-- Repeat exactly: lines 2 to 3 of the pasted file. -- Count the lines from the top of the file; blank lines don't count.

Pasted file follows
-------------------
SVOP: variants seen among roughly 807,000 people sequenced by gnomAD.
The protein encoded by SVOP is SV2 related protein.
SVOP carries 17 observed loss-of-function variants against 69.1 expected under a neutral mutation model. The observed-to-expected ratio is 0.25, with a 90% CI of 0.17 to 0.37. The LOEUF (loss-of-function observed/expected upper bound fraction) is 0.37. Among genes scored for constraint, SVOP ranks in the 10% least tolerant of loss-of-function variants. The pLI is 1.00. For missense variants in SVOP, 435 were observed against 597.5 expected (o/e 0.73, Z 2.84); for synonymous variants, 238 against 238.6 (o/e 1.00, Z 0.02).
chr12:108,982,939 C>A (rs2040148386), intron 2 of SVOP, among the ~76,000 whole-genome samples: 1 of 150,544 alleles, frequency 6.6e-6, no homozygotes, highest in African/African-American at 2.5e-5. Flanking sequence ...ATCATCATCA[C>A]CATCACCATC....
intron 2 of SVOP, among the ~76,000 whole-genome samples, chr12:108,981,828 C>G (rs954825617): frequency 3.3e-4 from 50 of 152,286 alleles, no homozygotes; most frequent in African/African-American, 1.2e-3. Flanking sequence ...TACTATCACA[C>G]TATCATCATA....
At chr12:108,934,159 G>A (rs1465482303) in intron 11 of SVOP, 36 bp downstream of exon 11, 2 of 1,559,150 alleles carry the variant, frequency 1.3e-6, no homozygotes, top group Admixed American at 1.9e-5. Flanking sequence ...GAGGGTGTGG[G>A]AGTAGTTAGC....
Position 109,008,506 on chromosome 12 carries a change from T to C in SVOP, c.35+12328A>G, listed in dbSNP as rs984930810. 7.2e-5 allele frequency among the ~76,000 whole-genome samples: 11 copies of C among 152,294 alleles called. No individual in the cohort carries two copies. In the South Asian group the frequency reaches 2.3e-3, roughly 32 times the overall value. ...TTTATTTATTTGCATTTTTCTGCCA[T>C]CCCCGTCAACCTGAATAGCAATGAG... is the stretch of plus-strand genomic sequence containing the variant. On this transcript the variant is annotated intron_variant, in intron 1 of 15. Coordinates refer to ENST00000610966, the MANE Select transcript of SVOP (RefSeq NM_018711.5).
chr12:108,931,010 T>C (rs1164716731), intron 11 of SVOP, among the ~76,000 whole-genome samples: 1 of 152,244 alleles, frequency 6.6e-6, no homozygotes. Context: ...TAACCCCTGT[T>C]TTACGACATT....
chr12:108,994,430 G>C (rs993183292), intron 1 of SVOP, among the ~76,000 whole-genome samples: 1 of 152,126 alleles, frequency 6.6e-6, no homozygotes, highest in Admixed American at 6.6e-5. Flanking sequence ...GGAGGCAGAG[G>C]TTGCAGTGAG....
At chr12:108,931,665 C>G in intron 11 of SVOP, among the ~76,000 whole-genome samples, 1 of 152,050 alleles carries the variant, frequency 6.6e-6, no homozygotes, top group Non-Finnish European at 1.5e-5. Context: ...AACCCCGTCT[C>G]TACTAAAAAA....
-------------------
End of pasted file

The protein encoded by SVOP is SV2 related protein.
SVOP carries 17 observed loss-of-function variants against 69.1 expected under a neutral mutation model. The observed-to-expected ratio is 0.25, with a 90% CI of 0.17 to 0.37. The LOEUF (loss-of-function observed/expected upper bound fraction) is 0.37. Among genes scored for constraint, SVOP ranks in the 10% least tolerant of loss-of-function variants. The pLI is 1.00. For missense variants in SVOP, 435 were observed against 597.5 expected (o/e 0.73, Z 2.84); for synonymous variants, 238 against 238.6 (o/e 1.00, Z 0.02).